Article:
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The way admins manage their DNS traffic has changed a great deal just in the last decade alone. Advanced DNS management was once a luxury only used by large, enterprise organizations who could afford their own infrastructure and a global network. With the advancement of Anycast networks, these same services have now become accessible and affordable for small business owners and home users. Accuracy and efficiency of routing techniques have made optimal Internet performance possible for organizations of all sizes. But how did query routing and user segmentation evolve to what it is now from its humble beginnings? And where is the future of DNS management heading?
Back in the primordial days of traffic management, one of the first routing services to be offered was DNS Failover. DNS security was still in its early years, attacks were on the rise, and small businesses and home users couldn’t afford to have entire backup systems—that’s where DNS Failover came in.
This service allows users to specify a backup IP address to automatically reroute traffic to in the event the primary IP is downed. Most providers offer failover as a relatively cheap add-on that typically includes free failback. Failover will later evolve to have functionality integrated with monitoring features.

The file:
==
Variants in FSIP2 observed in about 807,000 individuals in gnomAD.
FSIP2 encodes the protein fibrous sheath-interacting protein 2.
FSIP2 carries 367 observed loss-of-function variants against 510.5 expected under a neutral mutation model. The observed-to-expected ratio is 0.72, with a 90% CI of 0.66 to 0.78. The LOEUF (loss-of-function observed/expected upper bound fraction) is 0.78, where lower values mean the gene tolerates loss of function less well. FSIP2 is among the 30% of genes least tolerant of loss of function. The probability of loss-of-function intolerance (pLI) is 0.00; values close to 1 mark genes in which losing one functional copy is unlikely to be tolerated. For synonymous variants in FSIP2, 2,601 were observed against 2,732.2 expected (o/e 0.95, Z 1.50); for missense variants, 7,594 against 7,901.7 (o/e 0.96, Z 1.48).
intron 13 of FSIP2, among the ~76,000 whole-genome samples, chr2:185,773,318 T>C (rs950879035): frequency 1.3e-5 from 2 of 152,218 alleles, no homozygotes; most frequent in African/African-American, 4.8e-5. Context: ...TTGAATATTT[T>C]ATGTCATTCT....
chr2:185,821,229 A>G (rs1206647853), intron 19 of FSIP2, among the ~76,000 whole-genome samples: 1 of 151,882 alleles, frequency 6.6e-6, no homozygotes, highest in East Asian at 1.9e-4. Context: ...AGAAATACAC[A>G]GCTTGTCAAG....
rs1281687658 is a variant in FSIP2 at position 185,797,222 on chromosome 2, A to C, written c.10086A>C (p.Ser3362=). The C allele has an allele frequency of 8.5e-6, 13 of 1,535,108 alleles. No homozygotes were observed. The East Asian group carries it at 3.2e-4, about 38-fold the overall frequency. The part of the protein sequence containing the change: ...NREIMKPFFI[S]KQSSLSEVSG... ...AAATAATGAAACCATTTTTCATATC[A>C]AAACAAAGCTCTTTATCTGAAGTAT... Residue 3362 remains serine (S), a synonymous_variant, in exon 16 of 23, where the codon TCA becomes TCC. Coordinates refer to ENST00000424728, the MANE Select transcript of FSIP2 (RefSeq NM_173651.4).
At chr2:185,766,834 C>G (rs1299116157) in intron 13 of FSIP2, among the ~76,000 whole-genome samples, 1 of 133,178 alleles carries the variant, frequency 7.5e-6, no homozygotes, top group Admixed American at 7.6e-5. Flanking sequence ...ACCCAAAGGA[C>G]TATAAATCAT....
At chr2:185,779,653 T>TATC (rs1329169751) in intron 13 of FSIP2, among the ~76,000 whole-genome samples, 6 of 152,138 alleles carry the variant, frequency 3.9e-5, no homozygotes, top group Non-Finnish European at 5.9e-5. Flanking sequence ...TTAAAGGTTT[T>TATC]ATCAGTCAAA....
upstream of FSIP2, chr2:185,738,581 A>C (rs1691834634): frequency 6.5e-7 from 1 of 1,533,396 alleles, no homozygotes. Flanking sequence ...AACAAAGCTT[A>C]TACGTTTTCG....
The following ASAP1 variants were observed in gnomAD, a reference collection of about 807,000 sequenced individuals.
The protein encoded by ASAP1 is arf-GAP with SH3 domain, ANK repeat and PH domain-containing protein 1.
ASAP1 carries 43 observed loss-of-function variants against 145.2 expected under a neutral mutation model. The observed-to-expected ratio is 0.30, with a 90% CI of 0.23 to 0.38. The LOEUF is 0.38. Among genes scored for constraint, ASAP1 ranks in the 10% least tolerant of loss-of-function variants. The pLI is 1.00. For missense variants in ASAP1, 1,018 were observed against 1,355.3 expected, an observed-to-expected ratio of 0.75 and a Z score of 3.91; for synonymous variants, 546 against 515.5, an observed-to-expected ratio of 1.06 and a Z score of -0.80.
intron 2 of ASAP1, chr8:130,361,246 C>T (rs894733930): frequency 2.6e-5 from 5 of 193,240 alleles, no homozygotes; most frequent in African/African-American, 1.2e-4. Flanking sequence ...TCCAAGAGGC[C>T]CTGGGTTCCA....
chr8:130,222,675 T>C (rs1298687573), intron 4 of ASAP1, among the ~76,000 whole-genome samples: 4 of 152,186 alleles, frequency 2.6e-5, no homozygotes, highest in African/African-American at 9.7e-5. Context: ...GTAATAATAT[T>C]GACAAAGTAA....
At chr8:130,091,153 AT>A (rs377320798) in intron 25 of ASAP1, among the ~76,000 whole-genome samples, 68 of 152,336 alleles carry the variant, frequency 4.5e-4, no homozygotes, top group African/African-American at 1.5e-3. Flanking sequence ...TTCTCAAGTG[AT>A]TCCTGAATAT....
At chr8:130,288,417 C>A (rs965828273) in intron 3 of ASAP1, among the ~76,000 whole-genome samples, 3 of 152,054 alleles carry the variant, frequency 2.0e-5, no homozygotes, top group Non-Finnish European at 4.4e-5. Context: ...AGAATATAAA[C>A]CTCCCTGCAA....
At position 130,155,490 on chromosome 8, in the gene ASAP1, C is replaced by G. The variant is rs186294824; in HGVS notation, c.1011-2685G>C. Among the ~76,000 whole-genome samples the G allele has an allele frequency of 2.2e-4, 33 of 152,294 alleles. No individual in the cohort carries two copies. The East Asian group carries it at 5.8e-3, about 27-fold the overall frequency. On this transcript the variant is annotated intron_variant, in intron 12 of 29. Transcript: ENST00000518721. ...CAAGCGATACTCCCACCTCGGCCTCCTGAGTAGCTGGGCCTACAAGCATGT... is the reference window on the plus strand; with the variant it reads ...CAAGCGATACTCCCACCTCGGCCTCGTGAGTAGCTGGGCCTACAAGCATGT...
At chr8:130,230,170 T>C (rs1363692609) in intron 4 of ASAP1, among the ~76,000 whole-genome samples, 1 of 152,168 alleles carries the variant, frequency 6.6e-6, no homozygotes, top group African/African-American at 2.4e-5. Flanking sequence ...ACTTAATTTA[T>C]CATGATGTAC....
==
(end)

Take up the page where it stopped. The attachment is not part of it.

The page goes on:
This worst-case scenario solution has saved organizations millions of dollars over the years. But what if you want to manage your query traffic when your site isn’t down? What if you want to optimize your query routing performance?
Failover was just the beginning, now admins realized they needed to start segmenting their traffic. Why limit yourself to a single point of failure, like only directing clients to one IP address? Load balancing, also known as Round Robin, allows admins to send query traffic to multiple IP addresses on different servers. You can even specify different weights for each address, which we call Weighted Round Robin (WRR).
WRR is particularly useful for larger organizations with substantial amounts of traffic. For example, if you have one server that can handle more traffic than others, you can setup WRR to deliver more traffic to that IP address on that server.